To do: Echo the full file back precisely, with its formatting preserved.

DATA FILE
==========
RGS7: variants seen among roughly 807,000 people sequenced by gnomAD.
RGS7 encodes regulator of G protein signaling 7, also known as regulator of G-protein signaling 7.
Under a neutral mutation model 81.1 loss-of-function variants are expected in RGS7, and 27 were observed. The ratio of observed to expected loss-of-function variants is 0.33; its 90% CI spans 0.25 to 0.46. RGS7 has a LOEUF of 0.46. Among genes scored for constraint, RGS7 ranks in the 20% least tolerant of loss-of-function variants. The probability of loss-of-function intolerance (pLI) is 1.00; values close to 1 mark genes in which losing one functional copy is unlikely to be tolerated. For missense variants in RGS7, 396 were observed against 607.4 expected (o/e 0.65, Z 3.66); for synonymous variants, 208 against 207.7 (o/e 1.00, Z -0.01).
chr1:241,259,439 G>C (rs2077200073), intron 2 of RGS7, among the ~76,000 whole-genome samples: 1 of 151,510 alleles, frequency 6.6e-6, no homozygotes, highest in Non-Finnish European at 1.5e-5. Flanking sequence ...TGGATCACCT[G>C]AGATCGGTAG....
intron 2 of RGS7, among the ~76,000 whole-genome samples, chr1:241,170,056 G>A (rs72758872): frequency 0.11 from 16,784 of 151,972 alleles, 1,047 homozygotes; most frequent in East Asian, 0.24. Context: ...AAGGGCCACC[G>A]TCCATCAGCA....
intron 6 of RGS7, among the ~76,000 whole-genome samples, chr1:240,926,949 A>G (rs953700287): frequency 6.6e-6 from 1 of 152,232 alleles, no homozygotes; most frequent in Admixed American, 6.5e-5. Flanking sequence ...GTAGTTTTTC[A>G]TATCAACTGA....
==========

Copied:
RGS7: variants seen among roughly 807,000 people sequenced by gnomAD.
RGS7 encodes regulator of G protein signaling 7, also known as regulator of G-protein signaling 7.
Under a neutral mutation model 81.1 loss-of-function variants are expected in RGS7, and 27 were observed. The ratio of observed to expected loss-of-function variants is 0.33; its 90% CI spans 0.25 to 0.46. RGS7 has a LOEUF of 0.46. Among genes scored for constraint, RGS7 ranks in the 20% least tolerant of loss-of-function variants. The probability of loss-of-function intolerance (pLI) is 1.00; values close to 1 mark genes in which losing one functional copy is unlikely to be tolerated. For missense variants in RGS7, 396 were observed against 607.4 expected (o/e 0.65, Z 3.66); for synonymous variants, 208 against 207.7 (o/e 1.00, Z -0.01).
chr1:241,259,439 G>C (rs2077200073), intron 2 of RGS7, among the ~76,000 whole-genome samples: 1 of 151,510 alleles, frequency 6.6e-6, no homozygotes, highest in Non-Finnish European at 1.5e-5. Flanking sequence ...TGGATCACCT[G>C]AGATCGGTAG....
intron 2 of RGS7, among the ~76,000 whole-genome samples, chr1:241,170,056 G>A (rs72758872): frequency 0.11 from 16,784 of 151,972 alleles, 1,047 homozygotes; most frequent in East Asian, 0.24. Context: ...AAGGGCCACC[G>A]TCCATCAGCA....
intron 6 of RGS7, among the ~76,000 whole-genome samples, chr1:240,926,949 A>G (rs953700287): frequency 6.6e-6 from 1 of 152,232 alleles, no homozygotes; most frequent in Admixed American, 6.5e-5. Flanking sequence ...GTAGTTTTTC[A>G]TATCAACTGA....